These findings suggest that even with PCBs remaining in some materials onboard vessels years after sinking, these compounds are not being bioaccumulated in artificial reef organisms to a greater degree than they are among organisms found on non-artificial reef sites. The presence of PCBs in bivalves collected on target reef vessels appears to represent no direct health risk to artificial reef users due to their low values and, more importantly, because none of these species is typically consumed by humans. Of the 23 finfish sampled which are commonly consumed by fishermen, two of the three samples in which PCBs above the 100ppb LOQ were detected came from natural "hard-bottom" control sites and all quantities detected were relatively low. Thus, from the samples taken in this study, fish caught on sites other than artificial reefs represented the greatest degree of PCB exposure through direct human consumption.

Heavy Metals

Results of the metals analyses from the same tissue samples taken for the PCB work are found in Tables 6 through 9. No samples of man-made materials on the vessels were run as for PCBs. Although individual tissue samples may be moderately high in a particular metal, no clear correlation of high metal levels and a particular type of sample site (control versus ship reef) exists. Table 10 summarizes mean concentrations of metals encountered in the samples and compares them to international action limits established for chromium, cadmium, lead and copper (NAUEN, 1983). No similar limits were found for nickel and manganese.

While the mean cadmium concentration in bivalve samples taken from ship reef sites (1.547ppm) is about three times the international action limit (0.500ppm), the mean level for cadmium in control site bivalves (1.400ppm) was equally high. Previous work off South Carolina (MAtheWS and BELL, 1994) also revealed no significantly higher levels of cadmium or lead in sessile invertebrate and fish tissues sampled on automobile tire reefs versus "hard-bottom" control sites.

Much higher levels of lead were found in some gastropods removed from artificial reefs when compared to low numbers for bivalves and fish off the same site. This is most likely attributable to these organisms grazing directly on the painted surfaces of the ships and ingesting minute quantities of lead-rich paint in the process. In examining other organisms, no indication of bioaccumulation of lead in higher trophic levels exists.

As in the case of PCBs, these results indicate that while high levels of certain metals may be encountered in some individual organisms from artificial reef ships, the same or closely-related organisms taken from natural hard-bottom areas are also likely to yield similar results. The data from this study suggest that artificial reefs constructed from ex-military and other ships offer no higher degree of environmental risk associated with the bioaccumulation of heavy metals than might be experienced on natural hard bottom reef locations. The degree of human health-related risk is also equally low.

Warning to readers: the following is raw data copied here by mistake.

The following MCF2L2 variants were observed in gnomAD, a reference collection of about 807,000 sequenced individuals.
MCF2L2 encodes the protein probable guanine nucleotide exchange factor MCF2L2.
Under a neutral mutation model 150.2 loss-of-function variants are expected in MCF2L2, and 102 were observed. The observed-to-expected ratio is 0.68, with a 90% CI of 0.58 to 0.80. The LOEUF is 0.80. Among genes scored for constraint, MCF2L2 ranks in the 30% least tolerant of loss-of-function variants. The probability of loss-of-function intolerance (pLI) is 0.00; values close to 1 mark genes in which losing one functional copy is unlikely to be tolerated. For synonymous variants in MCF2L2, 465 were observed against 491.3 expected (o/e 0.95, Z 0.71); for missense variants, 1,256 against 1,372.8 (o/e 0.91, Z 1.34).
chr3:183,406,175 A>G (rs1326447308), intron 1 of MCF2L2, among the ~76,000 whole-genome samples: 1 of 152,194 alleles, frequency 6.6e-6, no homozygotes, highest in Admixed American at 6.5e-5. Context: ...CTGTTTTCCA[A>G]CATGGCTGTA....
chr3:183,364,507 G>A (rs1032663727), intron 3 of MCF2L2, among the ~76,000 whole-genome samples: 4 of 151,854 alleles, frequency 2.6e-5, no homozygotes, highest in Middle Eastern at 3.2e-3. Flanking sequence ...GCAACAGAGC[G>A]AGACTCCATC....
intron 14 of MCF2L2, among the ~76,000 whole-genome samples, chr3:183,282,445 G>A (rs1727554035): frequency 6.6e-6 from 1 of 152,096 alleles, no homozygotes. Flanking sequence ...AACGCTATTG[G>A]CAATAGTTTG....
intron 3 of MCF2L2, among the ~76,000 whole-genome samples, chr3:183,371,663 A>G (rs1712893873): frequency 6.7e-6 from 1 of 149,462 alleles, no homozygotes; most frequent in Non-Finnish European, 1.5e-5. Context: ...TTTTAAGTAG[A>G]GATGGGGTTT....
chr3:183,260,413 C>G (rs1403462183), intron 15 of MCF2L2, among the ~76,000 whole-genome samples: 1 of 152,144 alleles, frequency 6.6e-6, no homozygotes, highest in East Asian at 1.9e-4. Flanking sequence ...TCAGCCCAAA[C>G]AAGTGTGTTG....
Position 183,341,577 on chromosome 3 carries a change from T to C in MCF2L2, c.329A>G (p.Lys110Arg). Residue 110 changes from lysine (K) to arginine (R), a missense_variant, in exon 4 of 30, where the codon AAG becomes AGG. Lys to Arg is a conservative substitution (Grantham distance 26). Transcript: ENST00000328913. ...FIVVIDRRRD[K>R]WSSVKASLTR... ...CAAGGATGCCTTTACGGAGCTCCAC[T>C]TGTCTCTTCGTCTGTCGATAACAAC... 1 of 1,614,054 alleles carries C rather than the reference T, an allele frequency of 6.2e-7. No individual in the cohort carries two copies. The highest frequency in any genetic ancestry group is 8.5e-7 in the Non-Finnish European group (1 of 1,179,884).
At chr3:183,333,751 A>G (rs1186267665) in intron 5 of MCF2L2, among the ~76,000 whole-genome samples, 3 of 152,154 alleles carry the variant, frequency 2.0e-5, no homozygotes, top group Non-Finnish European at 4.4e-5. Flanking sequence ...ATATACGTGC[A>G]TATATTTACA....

The presence of PCBs and heavy metals in organisms from natural and artificial reefs attests to the fact that these substances are present in marine waters. However, the relatively low values detected and the similarity in values between sites indicates more of a general background level rather than any particular area of increased contamination. The presence of these chemicals may, in fact, be universal. As stated by MEARNS et. al., (1988) in their historical assessment of PCB contamination ". . . They persist and are still found in terrestrial, aquatic, and marine plants and animals throughout the United States and the world." the levels detected in this study clearly do not indicate increased hazards around the military ships used as artificial reefs. The risk to human health appears no greater there than that posed in any naturally-occurring area.


This project was conducted in cooperation with the U.S. Department of Interior, U.S. Fish and Wildlife Service and funded in part by the Federal Aid in Sport Fish Restoration Act (16 U.S.C. 777-777k). The authors wish to thank Daryl Stubbs and Doug Mellichamp who greatly assisted in underwater sample collection, and Hubert Attaway for technical support in the chemical analyses. Dr. Fred Holland provided a helpful review of the manuscript.


BUTLER, P.A. and R.L. SCHUTZMANN. 1978. Residues of pesticides and PCB's in estuarine fish. National Pesticide Monitoring Program. Pest. Mon. J., 6(4), 238-362.

GREGG, K. and S. MURPHEY, 1994. The Role of Vessels as Artificial Reef Material on the Atlantic and Gulf of Mexico Coasts of the United States. Atlantic States Marine Fisheries Commission Special Report No. 38, 16p.

MARCUS, J.M., and T.D. MAtheWS, 1987. Polychlorinated biphenyls in blue crabs from South Carolina. Bull. Environ. Contam. Toxicol., 39, 857-862.

MAtheWS, T.D., 1994. Contaminants in recreationally important estuarine finfish from South Carolina. Bull. Environ. Contam. Toxicol., 53, 412-419.

MAtheWS, T.D. and M. BELL. 1994. Heavy metal and PAH uptake on tire/concrete artificial reef units off South Carolina. USF&WS Sportfish Restoration Project F-54(2) Annual Report, 11p.

MEARNS, J.A., M.B. MATTA, D. SIMECEK-BEATTY, M.F. BUCHMAN, G. SHIGENAKA and W.A. WERT, 1988. PCB and Chlorinated Pesticide Contamination in U.S. Fish and Shellfish: A Historical Assessment Report. NOAA Technical Memorandum NOS OMA39. Seattle, Washington, 140p.

NAUEN, C.E. 1983. Compilation of legal limits for hazardous substances in fish and fishery products. FAO Fisheries Circ. No. 764, FAO of the United Nations, Rome, Italy.

NOAA, 1987. National Status and Trends Program for Marine Environmental Quality: Progress Report--A summary of selected data on chemical contaminants in tissues collected during 1984, 1985, and 1986. NOAA Tech. Mem. NOS OMA 38. Rockville, MD, 22p.

SCHMITT, C.J., J.L. ZAJIIK, and M.A. RIBICK. 1985. National Pesticide Monitoring Program: Residues of organochlorine chemicals in freshwater fish, 1980-81. Arch. Environ. Contam. Toxicol., 14, 225-260.